Will Trump’s Indictment Hurt the US Dollar?

Will Trump's Indictment Hurt the US Dollar?

Jeff Deist explains why the Trump indictment is more than just political, the future scenarios that are likely for the dollar, and why the lack of the rule of law is deteriorating our money.

Connect with Jeff and Monetary Metals on Twitter: @JeffDeist @Monetary_Metals

Additional Resources

Why Today is NOT like the 1970’s

Upgrade to Gold 2.0

Brent Johnson Episode

Theory of Interest and Prices

The Case for Gold Yield in Investment Portfolios

Podcast Chapters

00:0000:40 Debased

00:51 Trump Indictment

03:13 The Cost of Deterioration

05:55 The Wealth Trick

09:47 Geography

11:00 The Little Guy

13:21 Utilizing Assets

14:40 The Future of the Dollar

15:06 The Status Quo

20:13 Demonetization?

22:47 Global Reserve Currency

30:14 Cold Currency War

35:15 The World Wants One Currency

38:31 Private Money

45:10 Monetary Metals

45:55 The Argentina Example

46:55 See You Next Friday!



Welcome to Debased, a show about the current state of money with Jeff Deist. Welcome back to Debased. My name is Benjamin Vern Nadelstein. I’m joined by Jeff Deist. Jeff, how are you doing today?

Jeff Deist:

Ben, it is good to see you as always on Fridays.


Jeff, lots going on here. And I want to let people listen over the weekend to lots of things. And you texted me. Ben, I want to talk about the four paths you see that the dollar could possibly take. I want to get your opinion, what are these four directions you think the dollar might be going?

Jeff Deist:

I’ve been working on this this week, the idea that there’s maybe four possible futures for the US dollar. I think that they all enjoy different degrees of likelihood. But maybe we start by this whole idea of why is the dollar so strong to begin with? And believe it or not, I think this indictment that’s coming this coming week of Donald Trump is actually the thing we need to be thinking about as dollar holders, as investors, as people who like gold or Bitcoin or equities or bonds or whatever people happen to think is their own personal path forward. I mean, we have to step back sometimes and think not in a macro sense, almost in geopolitical sense. So why does the dollar have value? Well, we know there’s a variety of reasons. Everything from the Brett Woods Agreement that created the world’s reserve currency to the strength of the US economy, the breadth and depth of it, which is no joke. The US military are proudest around the world. So all of these things matter. But there’s more to it than that. Why does money and capital continue to flow into the US? Why does it actually intensify during times of, let’s say, economic crisis or geopolitical crisis?

Well, there’s some reasons, but first and foremost is that we, relative to other countries, have enjoyed throughout the 20th century, the rule of law and the enforcement of contract rights, the enforcement of property rights, perhaps to a degree that no other Western country has. And so as a result of that, people want to hold US treasury debt. They want to hold US dollars. We’ve benefited enormously from that. But you start to see cracks in this foundation. Then, for example, this prosecution of Donald Trump. Now, depending on where you stand, if you’re a progressive, you’re probably thinking to yourself, Why did it take this long? He’s an obvious criminal. If you’re conservative, you might be saying, This is purely selective enforcement. Why was Hillary never indicted in charge for some of her crimes or alleged crimes? Why is the Biden family never investigated and charged for any of their dealings with Ukraine or Hunter Biden and this, that. While prosecutions and the use of the Justice Department, the use of federal law enforcement agencies like the FBI, these may always have been political. What’s different today is that the perception that it’s purely political is changing.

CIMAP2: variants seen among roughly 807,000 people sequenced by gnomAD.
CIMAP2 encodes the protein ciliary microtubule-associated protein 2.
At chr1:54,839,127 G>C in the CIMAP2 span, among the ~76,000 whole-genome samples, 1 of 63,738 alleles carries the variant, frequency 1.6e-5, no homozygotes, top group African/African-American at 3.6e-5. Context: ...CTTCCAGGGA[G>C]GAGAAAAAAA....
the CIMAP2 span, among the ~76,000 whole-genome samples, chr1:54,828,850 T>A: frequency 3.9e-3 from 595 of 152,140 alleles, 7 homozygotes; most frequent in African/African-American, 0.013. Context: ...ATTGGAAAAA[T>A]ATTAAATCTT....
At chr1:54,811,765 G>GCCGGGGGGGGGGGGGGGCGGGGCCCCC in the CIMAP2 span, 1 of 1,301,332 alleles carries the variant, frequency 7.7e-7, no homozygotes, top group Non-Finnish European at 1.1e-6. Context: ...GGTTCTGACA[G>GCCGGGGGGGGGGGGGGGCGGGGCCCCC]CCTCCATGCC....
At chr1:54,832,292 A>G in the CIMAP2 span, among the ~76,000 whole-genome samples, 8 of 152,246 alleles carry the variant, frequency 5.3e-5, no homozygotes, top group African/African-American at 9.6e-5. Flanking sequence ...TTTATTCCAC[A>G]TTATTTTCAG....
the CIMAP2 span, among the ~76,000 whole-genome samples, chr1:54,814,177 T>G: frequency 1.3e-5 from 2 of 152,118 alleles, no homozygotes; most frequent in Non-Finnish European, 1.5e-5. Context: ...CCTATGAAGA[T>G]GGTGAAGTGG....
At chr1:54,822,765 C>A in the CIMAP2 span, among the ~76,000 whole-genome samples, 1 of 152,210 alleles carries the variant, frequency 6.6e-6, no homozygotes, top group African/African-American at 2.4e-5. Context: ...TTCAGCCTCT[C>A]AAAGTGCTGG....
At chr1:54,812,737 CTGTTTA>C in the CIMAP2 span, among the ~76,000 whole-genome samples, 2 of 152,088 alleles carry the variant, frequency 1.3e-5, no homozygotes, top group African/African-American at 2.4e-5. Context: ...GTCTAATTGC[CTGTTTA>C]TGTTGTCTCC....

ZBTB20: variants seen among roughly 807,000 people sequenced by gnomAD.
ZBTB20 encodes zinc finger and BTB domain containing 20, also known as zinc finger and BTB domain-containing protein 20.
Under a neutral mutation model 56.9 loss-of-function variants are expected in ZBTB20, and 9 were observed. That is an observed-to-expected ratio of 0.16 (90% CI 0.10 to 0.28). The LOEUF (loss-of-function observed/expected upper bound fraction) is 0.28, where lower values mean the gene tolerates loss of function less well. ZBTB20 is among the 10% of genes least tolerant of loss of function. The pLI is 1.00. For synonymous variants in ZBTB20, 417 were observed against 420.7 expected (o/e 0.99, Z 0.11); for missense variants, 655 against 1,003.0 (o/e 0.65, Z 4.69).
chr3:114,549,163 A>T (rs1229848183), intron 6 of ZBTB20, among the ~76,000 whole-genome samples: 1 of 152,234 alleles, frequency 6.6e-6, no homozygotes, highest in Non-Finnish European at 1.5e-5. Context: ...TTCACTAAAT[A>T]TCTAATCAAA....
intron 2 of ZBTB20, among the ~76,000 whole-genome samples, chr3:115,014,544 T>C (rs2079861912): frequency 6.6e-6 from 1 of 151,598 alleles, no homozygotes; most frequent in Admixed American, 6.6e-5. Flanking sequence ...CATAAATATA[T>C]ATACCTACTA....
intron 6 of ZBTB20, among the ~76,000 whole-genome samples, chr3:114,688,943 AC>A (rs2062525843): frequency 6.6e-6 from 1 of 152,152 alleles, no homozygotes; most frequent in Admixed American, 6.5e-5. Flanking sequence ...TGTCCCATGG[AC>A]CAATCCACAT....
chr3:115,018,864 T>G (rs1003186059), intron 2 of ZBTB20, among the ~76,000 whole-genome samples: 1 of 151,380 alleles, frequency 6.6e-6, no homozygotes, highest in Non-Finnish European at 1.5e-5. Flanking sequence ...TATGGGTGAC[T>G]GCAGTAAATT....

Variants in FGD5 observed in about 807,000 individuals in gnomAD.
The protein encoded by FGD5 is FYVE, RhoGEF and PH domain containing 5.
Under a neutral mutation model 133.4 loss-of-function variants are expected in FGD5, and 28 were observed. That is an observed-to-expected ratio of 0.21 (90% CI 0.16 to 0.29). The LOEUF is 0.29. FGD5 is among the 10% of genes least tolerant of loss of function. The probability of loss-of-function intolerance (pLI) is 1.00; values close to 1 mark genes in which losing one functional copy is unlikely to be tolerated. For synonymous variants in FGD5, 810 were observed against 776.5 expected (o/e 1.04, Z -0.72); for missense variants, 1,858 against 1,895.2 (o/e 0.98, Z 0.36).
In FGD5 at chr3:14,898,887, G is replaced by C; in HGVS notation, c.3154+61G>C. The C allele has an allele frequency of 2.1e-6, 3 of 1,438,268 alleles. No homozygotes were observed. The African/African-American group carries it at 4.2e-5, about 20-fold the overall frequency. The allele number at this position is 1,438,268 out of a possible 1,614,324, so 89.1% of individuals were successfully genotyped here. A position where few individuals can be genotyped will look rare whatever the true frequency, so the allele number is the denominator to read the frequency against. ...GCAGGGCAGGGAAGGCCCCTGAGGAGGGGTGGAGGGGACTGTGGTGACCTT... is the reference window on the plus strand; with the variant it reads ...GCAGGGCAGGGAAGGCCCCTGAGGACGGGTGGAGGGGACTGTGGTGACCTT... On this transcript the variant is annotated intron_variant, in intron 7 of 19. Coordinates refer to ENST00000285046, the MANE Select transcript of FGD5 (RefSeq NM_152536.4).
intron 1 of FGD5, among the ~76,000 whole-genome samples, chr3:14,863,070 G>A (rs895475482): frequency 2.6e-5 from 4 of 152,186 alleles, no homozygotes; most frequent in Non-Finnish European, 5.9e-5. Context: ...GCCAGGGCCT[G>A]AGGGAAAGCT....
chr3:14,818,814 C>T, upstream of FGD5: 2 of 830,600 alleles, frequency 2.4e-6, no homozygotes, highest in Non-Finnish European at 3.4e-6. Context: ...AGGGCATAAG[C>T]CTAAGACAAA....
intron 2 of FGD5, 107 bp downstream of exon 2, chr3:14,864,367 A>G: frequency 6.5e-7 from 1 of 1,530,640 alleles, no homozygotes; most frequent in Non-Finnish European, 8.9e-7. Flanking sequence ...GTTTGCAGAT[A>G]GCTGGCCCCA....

So the idea that America is a banana Republic, this is what I’m hearing right wingers saying today in response to these forthcoming Trump indictments. And then when you look at things beyond just the political machinations of whatever gang is running the White House and the executive agencies, you take things like contractual rights or property rights. We had a moratorium on rent payments and mortgage interest during COVID. We are seeing stores, retail stores, drug stores, for example, apparel stores around the United States ransacked and looted. We’re seeing certain states like Washington and California decide not to prosecute or charge felonies below a certain amount of shoplifting, like $1,000, which is pretty robust if you go into Target or CVS or Whole Foods. That’s a lot of stuff. And you start to see big corporations flirt with all kinds of woke type marketing. You see drug stores, for example, putting more and more merchandise behind these weird locks where you have to go and ask an employee. And you start to say, well, contract rights and the rule of law are not as robust in the United States as they once were. If I’m investing in a stock, let’s say, a publicly held company like Target, part of my investment assumes that shoplifting will not be rampant.